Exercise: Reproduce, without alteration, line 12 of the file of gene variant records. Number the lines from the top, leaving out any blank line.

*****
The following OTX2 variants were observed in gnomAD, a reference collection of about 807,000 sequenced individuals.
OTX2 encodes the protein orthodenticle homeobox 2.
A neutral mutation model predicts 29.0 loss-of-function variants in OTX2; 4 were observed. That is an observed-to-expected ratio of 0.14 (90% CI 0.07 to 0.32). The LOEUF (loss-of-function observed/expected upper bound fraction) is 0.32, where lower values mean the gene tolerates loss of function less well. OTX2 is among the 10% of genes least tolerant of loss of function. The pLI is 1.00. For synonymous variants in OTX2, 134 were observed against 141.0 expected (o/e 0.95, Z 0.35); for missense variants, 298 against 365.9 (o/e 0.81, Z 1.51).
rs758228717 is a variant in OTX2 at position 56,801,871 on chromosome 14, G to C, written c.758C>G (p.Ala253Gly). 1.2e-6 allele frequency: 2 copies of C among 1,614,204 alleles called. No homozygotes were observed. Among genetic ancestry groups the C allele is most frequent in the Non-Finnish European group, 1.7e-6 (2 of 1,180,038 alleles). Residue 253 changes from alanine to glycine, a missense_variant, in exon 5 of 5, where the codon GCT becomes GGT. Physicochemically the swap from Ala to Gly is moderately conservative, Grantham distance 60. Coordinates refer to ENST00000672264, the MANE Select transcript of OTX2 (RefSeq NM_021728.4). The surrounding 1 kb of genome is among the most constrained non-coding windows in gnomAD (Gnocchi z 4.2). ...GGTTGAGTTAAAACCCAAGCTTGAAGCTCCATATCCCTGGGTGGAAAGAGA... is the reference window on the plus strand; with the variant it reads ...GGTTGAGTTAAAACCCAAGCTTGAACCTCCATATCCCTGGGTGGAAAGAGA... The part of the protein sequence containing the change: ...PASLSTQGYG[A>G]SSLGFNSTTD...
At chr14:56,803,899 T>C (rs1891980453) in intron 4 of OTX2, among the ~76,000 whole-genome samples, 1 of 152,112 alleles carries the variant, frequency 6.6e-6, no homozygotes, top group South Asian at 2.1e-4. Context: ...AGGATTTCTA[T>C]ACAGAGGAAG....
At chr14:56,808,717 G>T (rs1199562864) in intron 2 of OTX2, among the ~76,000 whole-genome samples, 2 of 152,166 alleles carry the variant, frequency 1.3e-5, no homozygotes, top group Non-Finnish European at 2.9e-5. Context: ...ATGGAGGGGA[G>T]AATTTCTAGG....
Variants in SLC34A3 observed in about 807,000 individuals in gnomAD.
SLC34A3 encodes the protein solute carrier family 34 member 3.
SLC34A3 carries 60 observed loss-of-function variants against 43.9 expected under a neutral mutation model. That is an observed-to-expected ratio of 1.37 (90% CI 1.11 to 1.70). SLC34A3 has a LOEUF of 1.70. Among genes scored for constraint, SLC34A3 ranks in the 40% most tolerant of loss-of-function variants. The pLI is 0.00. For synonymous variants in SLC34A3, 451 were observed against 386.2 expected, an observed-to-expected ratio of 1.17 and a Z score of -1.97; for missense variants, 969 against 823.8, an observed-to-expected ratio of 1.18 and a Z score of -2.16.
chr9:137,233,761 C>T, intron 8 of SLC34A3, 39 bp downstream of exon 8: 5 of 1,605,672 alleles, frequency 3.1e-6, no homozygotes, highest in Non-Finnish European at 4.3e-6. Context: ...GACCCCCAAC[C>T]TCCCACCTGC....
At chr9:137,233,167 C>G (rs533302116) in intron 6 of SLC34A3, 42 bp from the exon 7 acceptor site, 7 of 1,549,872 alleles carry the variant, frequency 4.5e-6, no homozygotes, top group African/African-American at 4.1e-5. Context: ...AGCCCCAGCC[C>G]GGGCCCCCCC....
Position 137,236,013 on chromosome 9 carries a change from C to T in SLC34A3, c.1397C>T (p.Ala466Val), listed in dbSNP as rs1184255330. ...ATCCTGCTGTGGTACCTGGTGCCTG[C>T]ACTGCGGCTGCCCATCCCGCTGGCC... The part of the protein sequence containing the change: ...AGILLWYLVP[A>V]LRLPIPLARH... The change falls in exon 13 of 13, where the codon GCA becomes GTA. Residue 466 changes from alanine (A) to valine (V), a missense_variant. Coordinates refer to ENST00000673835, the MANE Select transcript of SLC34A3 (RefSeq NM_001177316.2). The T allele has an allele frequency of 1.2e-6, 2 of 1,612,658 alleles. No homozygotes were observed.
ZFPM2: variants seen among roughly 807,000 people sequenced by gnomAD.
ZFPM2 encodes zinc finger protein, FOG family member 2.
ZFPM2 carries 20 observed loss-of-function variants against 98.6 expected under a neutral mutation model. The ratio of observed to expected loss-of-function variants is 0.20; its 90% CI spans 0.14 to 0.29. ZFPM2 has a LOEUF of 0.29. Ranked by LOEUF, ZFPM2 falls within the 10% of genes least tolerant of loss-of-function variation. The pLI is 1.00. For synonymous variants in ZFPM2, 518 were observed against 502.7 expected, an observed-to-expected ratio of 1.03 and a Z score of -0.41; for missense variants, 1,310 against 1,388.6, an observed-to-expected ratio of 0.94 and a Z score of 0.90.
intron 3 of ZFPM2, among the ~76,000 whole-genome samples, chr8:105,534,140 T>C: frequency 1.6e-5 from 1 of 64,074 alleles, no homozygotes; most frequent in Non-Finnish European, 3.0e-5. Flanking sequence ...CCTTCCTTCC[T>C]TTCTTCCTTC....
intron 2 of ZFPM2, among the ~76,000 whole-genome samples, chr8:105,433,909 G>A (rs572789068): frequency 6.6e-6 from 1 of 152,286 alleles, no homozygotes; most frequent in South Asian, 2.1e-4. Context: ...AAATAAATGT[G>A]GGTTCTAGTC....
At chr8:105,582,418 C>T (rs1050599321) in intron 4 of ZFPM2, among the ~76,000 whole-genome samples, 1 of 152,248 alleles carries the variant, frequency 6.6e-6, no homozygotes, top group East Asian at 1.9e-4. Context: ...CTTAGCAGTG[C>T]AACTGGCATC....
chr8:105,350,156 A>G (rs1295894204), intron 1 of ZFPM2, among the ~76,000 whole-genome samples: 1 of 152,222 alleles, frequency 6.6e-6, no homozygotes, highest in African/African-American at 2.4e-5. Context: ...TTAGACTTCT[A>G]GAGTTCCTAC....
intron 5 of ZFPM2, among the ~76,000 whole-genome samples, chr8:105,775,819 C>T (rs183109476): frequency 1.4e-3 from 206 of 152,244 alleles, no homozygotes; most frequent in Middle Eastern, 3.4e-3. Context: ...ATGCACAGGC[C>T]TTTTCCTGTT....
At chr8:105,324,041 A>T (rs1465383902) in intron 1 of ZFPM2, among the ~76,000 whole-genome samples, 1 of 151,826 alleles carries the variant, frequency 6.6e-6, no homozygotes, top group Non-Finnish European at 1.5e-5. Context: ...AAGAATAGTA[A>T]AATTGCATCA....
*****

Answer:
Position 137,236,013 on chromosome 9 carries a change from C to T in SLC34A3, c.1397C>T (p.Ala466Val), listed in dbSNP as rs1184255330. ...ATCCTGCTGTGGTACCTGGTGCCTG[C>T]ACTGCGGCTGCCCATCCCGCTGGCC... The part of the protein sequence containing the change: ...AGILLWYLVP[A>V]LRLPIPLARH... The change falls in exon 13 of 13, where the codon GCA becomes GTA. Residue 466 changes from alanine (A) to valine (V), a missense_variant. Coordinates refer to ENST00000673835, the MANE Select transcript of SLC34A3 (RefSeq NM_001177316.2). The T allele has an allele frequency of 1.2e-6, 2 of 1,612,658 alleles. No homozygotes were observed.